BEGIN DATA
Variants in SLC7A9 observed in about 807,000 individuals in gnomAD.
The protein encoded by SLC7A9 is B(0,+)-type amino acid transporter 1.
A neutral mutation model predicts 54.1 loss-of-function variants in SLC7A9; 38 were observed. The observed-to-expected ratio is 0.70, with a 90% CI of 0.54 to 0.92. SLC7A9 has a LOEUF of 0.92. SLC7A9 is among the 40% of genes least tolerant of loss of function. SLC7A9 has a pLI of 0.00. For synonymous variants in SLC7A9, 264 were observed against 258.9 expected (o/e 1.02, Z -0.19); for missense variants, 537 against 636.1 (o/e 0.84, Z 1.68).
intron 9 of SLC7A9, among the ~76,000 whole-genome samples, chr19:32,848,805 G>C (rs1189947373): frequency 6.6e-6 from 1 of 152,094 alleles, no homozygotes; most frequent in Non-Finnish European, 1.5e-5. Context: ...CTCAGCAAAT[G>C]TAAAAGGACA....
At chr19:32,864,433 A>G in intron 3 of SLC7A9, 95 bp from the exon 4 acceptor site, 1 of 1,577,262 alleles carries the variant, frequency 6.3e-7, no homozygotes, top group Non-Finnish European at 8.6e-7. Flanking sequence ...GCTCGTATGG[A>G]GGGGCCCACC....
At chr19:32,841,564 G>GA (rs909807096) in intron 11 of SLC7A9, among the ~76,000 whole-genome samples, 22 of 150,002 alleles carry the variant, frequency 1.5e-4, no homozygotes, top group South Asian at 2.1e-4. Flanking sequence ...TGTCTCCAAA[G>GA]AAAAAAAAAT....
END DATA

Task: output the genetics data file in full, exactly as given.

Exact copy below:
Variants in SLC7A9 observed in about 807,000 individuals in gnomAD.
The protein encoded by SLC7A9 is B(0,+)-type amino acid transporter 1.
A neutral mutation model predicts 54.1 loss-of-function variants in SLC7A9; 38 were observed. The observed-to-expected ratio is 0.70, with a 90% CI of 0.54 to 0.92. SLC7A9 has a LOEUF of 0.92. SLC7A9 is among the 40% of genes least tolerant of loss of function. SLC7A9 has a pLI of 0.00. For synonymous variants in SLC7A9, 264 were observed against 258.9 expected (o/e 1.02, Z -0.19); for missense variants, 537 against 636.1 (o/e 0.84, Z 1.68).
intron 9 of SLC7A9, among the ~76,000 whole-genome samples, chr19:32,848,805 G>C (rs1189947373): frequency 6.6e-6 from 1 of 152,094 alleles, no homozygotes; most frequent in Non-Finnish European, 1.5e-5. Context: ...CTCAGCAAAT[G>C]TAAAAGGACA....
At chr19:32,864,433 A>G in intron 3 of SLC7A9, 95 bp from the exon 4 acceptor site, 1 of 1,577,262 alleles carries the variant, frequency 6.3e-7, no homozygotes, top group Non-Finnish European at 8.6e-7. Flanking sequence ...GCTCGTATGG[A>G]GGGGCCCACC....
At chr19:32,841,564 G>GA (rs909807096) in intron 11 of SLC7A9, among the ~76,000 whole-genome samples, 22 of 150,002 alleles carry the variant, frequency 1.5e-4, no homozygotes, top group South Asian at 2.1e-4. Flanking sequence ...TGTCTCCAAA[G>GA]AAAAAAAAAT....